Mix remaining 1 cup sugar, flour, and milk slowly to prevent clumping. Pour mixture over melted butter. Do not stir. Spoon fruit on top, gently pouring in syrup. Sprinkle top with ground cinnamon, if using. Batter will rise to top during baking. Bake for 45 minutes.
When my brother and I moved out on our own in college, I had to learn to cook or live on Ramen for a year. I chose to cook. The first thing I did was get a slow cooker and make a pot roast with carrots and potatoes. It was heaven (compared to the pizza and burgers we had been living on)! As I have grown as a cook, though, my pot roast stayed the same…pretty blasé. The problem with the slow cooker, in my estimation, is the time it takes to cook and the overabundance of moisture it encourages. I always end up with soggy, bland meat and almost tasteless vegetables.
Enter my new (100 year old) Griswold cast iron Dutch Oven.
Instead of cooking for 10 hours, I cooked my roast on Sunday for barely over 4. The simple directions are below. Hope you try it and enjoy!
1 Roast (cut of your choice; I prefer Chuck Roast)
2 large Potatoes
4 large Carrots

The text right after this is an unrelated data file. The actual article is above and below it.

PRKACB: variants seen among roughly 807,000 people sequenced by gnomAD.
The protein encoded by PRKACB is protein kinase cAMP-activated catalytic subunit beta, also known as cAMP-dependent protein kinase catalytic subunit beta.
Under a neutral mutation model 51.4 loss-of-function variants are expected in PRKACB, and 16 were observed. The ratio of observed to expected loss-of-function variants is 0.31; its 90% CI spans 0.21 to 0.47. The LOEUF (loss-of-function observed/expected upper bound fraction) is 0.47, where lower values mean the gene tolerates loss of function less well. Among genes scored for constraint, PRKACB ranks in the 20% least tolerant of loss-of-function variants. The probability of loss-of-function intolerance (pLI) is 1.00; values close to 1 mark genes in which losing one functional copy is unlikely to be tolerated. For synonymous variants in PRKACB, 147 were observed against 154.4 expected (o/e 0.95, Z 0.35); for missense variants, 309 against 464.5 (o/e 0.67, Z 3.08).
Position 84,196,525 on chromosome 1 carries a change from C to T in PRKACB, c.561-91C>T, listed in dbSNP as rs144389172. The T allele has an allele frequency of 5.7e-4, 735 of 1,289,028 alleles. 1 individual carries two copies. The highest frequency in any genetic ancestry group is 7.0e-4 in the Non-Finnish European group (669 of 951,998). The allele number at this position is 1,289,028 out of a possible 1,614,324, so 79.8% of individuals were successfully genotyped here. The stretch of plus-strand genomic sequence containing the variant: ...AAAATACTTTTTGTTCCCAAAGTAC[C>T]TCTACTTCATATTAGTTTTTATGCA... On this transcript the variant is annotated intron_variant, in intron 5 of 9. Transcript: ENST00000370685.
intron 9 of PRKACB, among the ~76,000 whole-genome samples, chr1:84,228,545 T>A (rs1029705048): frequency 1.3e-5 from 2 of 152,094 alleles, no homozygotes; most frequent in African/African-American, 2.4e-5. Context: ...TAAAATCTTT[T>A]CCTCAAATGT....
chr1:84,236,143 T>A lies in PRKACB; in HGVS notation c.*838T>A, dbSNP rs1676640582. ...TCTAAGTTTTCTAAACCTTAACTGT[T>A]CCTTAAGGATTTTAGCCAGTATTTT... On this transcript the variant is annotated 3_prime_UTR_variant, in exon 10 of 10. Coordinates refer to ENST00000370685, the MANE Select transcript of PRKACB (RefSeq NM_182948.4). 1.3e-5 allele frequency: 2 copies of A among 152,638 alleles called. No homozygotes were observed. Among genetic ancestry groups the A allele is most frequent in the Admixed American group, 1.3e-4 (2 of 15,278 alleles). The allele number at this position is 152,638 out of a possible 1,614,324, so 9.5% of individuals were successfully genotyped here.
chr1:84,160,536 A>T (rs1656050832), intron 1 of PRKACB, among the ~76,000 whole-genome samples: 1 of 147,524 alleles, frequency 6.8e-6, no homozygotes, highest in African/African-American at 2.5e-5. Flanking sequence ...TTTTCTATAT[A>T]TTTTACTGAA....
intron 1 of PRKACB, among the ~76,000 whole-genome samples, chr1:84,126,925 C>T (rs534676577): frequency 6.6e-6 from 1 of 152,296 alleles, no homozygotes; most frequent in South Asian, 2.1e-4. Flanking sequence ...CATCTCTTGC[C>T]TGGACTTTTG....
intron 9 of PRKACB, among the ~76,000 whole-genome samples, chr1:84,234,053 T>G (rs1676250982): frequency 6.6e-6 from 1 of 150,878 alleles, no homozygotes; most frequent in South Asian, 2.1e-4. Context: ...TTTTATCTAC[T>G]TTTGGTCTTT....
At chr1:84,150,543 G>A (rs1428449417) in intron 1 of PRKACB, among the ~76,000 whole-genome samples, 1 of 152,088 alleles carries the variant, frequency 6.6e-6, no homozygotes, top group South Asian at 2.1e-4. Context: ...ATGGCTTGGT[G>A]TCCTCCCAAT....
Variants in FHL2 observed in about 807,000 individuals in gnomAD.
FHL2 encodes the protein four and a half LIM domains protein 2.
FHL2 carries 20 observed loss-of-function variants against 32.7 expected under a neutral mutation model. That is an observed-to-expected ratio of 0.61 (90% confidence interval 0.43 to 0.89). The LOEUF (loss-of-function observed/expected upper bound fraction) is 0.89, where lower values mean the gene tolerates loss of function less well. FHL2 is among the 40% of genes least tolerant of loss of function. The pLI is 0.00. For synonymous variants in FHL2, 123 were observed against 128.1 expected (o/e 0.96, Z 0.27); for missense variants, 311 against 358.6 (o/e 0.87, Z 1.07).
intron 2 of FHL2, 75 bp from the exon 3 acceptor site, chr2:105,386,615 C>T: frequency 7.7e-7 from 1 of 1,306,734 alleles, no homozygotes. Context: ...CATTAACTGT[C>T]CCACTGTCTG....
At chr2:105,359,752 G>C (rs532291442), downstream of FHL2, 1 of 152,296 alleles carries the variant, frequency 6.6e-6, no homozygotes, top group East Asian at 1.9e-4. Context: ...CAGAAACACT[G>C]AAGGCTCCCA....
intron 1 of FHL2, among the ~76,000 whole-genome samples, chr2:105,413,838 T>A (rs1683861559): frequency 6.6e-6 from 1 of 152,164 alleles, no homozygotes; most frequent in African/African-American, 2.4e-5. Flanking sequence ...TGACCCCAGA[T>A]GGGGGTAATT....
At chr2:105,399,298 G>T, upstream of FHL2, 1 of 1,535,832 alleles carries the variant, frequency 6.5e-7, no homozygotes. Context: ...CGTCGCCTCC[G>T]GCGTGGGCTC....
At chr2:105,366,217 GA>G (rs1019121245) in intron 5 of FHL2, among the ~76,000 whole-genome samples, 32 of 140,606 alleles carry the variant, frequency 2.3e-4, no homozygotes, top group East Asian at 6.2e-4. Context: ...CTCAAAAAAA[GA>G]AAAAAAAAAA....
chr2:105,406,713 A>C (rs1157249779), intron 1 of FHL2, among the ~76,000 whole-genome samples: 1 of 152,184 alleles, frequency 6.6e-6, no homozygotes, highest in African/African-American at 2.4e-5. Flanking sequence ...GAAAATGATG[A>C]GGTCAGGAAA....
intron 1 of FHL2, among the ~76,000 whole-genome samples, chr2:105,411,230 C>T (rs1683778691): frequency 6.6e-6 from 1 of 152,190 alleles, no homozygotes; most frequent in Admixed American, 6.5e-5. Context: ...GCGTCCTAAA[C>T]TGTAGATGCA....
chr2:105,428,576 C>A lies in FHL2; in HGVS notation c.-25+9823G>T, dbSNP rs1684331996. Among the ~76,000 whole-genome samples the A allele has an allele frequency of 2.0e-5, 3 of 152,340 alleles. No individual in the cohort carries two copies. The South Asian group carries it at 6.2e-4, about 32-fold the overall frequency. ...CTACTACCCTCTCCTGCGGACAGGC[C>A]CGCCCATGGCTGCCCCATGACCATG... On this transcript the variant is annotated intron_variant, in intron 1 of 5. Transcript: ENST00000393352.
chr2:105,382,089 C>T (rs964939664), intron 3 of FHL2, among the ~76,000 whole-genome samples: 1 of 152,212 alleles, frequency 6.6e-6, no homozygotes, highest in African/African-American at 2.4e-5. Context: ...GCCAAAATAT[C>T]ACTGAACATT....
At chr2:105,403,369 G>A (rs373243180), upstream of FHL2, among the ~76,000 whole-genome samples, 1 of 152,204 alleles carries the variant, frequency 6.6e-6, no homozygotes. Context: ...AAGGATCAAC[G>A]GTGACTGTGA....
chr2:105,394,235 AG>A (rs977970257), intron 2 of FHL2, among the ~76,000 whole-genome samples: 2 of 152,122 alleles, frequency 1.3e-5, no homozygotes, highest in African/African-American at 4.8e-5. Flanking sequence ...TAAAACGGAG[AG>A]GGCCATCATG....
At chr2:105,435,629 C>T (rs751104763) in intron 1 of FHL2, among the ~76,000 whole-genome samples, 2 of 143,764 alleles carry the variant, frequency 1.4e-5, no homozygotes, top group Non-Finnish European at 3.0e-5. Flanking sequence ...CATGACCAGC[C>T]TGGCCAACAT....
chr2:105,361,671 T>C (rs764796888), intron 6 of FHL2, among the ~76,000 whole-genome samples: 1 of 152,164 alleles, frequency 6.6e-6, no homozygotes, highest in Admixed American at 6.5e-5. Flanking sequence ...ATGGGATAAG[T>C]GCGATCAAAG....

1 Packet of McCormick Pot Roast Seasoning
Rub the roast with Olive oil and Salt/Pepper and sear on all sides in the dutch oven (about 4 min/side over medium-high heat) Remove the roast and put the Seasoning mix into the leftover fat. Whisk until well combined. Slowly add enough beef stock to cover the bottom of the Dutch oven and whisk vigorously until a thick gravy is achieved. Place the Roast back in the pot and place in the oven for 2 1/2 hours on 350°
After the first cook, place half of your carrots and potatoes on the bottom and stir to cover in the gravy. (add water or stock if necessary) Place roast in the center on top of the vegetables. Use remaining vegetables to fill in around the sides (like an insulation against the pan). Drizzle more olive oil over the vegetables and roast. Sprinkle lightly with salt and pepper. Roast for one more hour. DO NOT PEEK, JUST LEAVE IT ALONE! Remove from oven allow to rest for ten minutes before slicing.
I got a little creative in the kitchen last night and made a “just throw it in there” kind of cornbread. I used a general mixture for the bread, but added some interesting twists. The result was an amazingly rich and fluffy cornbread that could be eaten as an entree.
3/4 cup of Yellow Corn Meal
3/4 cup AP Flour
1 1/2 tsp. of Baking Powder
1/2 tsp. of Baking Soda
1/2 tsp. Salt
1 stick Butter
1 cup Buttermilk
1 tsp. Bacon Drippings